Fred Reinfeld wrote:
What was the secret of Morphy's success as a chessplayer? What was his "secret weapon?" The answer lies in one word: development. Morphy was the man who taught chessplayers the value of bringing out one's forces quickly, effectively, economically. Today this information is shouted from every housetop and appears in every chess book as a matter of course; but in 1857 the idea of development was known only to a genius, and that genius was Morphy.
But Morphy was not only an "efficiency expert": it is not his system that gives his masterpieces their enduring vitality and charm. He was a great artist, and that is why his games are still studied today. The great Steinitz said of him: "Morphy's career marks a grand epoch in the history of our pastime, and a careful study of his games will always be essential for the purpose of acquiring a complete knowledge of the direct attack against the King, which forms a most important element in mastering our science." Morphy's games have left a deep impression on many a master. A chess wizard who has not studied Morphy's games is about as queer a concept as an engineer who is unable to count.
Dr. Reuben Fine wrote:
Most of the remaining years of his life were spent quietly with his family in New Orleans, where he died in 1884. That chess had something to do with his mild derangement seems probable. but the exact connection is harder to ascertain. The most likely explanation of the role that chess played in his mental life is this: Morphy was troubled by a peculiar dilemma, which has bothered many other great masters. Eminence in chess was a useless achievement to most of the people around him. Worse, he was afraid that people thought of him as a kind of freak, or at best as a kind of unusual gambler who had learned all the tricks. That is why Morphy always insisted so strongly on his amateur status.
Morphy’s father had left him $136,472.23 and that he had never accepted a penny for any chess activities. Morphy's great goal in life, we have repeatedly been told, was to be a prominent lawyer and he found that prospective clients gaped at the chess genius, but could not take the lawyer seriously. He must have reflected on how different the situation would have been if he had achieved casual prominence in some other field. Thus the twin delusions that chess was worthless, and that he could not do anything else, continually increased his isolation and finally led to loss of balance.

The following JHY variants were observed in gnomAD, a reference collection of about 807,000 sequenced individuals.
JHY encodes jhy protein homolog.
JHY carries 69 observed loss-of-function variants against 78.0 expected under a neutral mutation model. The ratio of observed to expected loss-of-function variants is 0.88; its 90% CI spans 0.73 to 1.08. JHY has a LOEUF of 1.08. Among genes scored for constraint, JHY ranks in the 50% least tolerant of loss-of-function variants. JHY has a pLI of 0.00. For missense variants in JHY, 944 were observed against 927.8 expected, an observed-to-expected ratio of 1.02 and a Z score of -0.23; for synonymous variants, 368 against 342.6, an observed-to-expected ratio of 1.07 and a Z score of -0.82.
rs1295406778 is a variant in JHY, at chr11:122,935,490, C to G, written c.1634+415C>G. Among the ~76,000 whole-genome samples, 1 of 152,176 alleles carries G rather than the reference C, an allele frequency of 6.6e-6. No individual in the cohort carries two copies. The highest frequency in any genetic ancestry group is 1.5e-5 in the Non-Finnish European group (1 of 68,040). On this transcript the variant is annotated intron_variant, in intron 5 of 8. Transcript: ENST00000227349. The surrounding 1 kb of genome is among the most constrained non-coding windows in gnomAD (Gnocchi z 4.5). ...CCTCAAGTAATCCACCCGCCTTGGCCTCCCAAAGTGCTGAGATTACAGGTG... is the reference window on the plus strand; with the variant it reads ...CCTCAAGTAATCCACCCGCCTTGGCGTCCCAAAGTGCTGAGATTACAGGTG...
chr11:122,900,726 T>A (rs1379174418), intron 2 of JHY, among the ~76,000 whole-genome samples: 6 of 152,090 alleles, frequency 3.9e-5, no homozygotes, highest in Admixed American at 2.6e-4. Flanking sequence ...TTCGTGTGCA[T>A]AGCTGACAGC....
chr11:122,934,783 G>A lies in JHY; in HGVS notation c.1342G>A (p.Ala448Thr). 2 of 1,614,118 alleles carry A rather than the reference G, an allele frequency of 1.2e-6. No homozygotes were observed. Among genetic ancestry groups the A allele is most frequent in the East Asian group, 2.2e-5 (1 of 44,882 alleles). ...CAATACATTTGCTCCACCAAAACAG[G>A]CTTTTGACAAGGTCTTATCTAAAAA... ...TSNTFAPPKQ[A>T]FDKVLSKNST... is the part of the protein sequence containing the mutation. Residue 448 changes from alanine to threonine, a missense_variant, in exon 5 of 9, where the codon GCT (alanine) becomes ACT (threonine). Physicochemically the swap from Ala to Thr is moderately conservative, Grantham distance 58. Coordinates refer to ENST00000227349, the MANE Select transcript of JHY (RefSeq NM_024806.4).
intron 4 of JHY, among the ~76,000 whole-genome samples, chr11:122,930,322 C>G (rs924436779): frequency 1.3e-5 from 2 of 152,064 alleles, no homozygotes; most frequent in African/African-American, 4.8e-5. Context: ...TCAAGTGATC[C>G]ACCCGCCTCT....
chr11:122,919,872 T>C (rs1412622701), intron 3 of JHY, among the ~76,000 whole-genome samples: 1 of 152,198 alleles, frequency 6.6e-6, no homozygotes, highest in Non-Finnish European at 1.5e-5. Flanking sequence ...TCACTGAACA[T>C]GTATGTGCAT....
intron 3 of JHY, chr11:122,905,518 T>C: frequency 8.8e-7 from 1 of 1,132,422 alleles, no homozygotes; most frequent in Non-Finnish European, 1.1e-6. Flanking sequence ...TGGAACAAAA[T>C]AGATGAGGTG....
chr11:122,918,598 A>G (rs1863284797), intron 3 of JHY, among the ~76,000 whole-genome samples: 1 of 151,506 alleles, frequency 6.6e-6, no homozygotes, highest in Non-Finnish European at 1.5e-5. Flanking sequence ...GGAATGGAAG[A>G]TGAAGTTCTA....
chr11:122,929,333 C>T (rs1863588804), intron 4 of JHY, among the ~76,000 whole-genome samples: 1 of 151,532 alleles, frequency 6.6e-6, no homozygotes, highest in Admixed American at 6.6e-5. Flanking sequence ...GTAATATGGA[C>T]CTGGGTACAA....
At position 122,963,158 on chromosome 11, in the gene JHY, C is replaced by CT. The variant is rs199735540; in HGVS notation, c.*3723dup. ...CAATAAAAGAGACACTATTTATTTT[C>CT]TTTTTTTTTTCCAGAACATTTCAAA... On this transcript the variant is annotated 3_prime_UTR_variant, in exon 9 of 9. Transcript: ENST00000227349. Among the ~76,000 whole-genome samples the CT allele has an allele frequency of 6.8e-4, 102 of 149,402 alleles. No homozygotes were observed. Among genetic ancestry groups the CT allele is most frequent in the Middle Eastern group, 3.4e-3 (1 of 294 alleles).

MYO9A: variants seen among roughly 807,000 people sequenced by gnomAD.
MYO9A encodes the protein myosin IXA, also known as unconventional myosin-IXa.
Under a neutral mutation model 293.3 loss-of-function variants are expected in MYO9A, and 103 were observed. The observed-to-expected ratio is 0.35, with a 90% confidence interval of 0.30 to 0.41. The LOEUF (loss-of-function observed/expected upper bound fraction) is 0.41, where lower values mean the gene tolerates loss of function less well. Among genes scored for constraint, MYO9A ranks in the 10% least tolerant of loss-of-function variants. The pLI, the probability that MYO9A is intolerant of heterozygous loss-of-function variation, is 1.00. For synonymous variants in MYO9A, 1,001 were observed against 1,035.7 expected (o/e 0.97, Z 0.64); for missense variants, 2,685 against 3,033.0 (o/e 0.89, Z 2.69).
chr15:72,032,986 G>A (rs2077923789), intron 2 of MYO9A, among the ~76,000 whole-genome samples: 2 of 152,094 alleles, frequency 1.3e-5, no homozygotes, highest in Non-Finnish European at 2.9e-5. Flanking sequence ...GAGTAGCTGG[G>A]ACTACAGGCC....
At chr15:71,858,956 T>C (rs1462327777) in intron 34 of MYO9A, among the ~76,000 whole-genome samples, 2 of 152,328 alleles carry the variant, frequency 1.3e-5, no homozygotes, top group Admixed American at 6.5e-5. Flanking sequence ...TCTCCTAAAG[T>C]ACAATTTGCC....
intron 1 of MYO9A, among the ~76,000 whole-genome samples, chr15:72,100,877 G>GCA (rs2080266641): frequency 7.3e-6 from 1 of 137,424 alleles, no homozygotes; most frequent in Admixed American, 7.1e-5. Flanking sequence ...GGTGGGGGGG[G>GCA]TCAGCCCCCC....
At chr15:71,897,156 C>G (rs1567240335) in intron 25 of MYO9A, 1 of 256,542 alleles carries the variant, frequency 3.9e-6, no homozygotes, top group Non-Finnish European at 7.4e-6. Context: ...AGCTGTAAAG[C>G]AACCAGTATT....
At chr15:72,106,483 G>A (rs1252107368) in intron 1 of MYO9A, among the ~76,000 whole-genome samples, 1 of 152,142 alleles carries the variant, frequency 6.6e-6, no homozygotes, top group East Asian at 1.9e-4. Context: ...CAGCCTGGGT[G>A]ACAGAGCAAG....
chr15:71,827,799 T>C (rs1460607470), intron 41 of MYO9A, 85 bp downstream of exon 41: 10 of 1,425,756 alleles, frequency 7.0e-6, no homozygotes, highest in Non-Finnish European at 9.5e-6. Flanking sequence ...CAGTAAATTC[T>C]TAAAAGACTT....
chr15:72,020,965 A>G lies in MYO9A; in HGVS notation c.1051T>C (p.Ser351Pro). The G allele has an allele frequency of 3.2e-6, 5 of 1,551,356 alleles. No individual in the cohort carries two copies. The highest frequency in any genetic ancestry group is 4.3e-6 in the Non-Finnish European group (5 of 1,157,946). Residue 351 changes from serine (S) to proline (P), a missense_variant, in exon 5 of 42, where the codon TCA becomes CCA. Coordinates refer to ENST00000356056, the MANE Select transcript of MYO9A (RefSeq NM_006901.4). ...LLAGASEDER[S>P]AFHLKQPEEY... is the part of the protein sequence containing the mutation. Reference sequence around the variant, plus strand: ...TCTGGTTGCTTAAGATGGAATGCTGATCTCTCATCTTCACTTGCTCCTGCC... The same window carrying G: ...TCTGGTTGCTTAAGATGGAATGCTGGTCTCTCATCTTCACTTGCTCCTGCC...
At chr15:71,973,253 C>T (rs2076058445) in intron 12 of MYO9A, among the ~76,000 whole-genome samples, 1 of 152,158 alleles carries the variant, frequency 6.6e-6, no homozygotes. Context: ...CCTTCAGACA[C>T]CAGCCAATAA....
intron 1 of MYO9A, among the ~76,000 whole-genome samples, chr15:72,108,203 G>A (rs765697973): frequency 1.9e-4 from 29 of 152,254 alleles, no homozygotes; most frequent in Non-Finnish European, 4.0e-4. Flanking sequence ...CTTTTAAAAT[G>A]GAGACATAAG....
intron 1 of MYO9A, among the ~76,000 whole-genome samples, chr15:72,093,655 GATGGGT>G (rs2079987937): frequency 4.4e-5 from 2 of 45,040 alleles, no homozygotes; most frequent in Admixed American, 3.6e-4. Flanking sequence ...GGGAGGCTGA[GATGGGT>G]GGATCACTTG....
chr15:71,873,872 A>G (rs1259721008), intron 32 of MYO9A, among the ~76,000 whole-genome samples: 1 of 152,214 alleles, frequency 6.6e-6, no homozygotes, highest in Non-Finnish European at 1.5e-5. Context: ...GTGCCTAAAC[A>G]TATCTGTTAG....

It was claimed that he had the most marvelous intuition any mortal was ever granted. That he won his games by combinations of incredible beauty, that he could have beaten any of his successors with ridiculous case. If we examine Morphy's record and games critically we cannot justify such extravaganza. And we are compelled to speak of it as the Morphy myth. Morphy's games fall into two categories: tournament or match games and offhand, simultaneous or odds games. Few of the 55 serious games, the only kind modern masters include in such collections, can by any stretch be called brilliant. He beat his major rivals because he had a clearer grasp of the essentials of position play. In fact, Morphy is the first who really appreciated the logical basis of chess. He could combine as well as anybody, but he also knew under what circumstances combinations were possible-and in that respect he was twenty years ahead of his time. Anderssen could attack brilliantly, but had an inadequate understanding of its positional basis. Morphy knew not only how to attack, but also when -and that is why he won. The tragedy is that when others, like Steinitz, who knew when, came along, Morphy refused to meet them. Even if the myth has been destroyed, Morphy remains one of the giants of chess history.
It is, frankly, hard to find good Morphy games, comparable to those of, say, Alekhine, or Lasker. The difficulty, as we have indicated, is that his opponents made such bad blunders. . Morphy rarely began an offensive until he had completed his development, a sufficient indication of the fact that he was a generation ahead of his contemporaries.
Morphy occasionally overlooked forced wins at such an early stages because the principle of development was such an enormous advance on the prevailing theory or, more correctly, lack of theory, that its mechanical application was enough to give him a significant advantage. He always made sure that his pieces were developed properly and he often showed little concern for his pawn position. The reason, of course, is that nobody in his day knew how to exploit a weak pawn structure.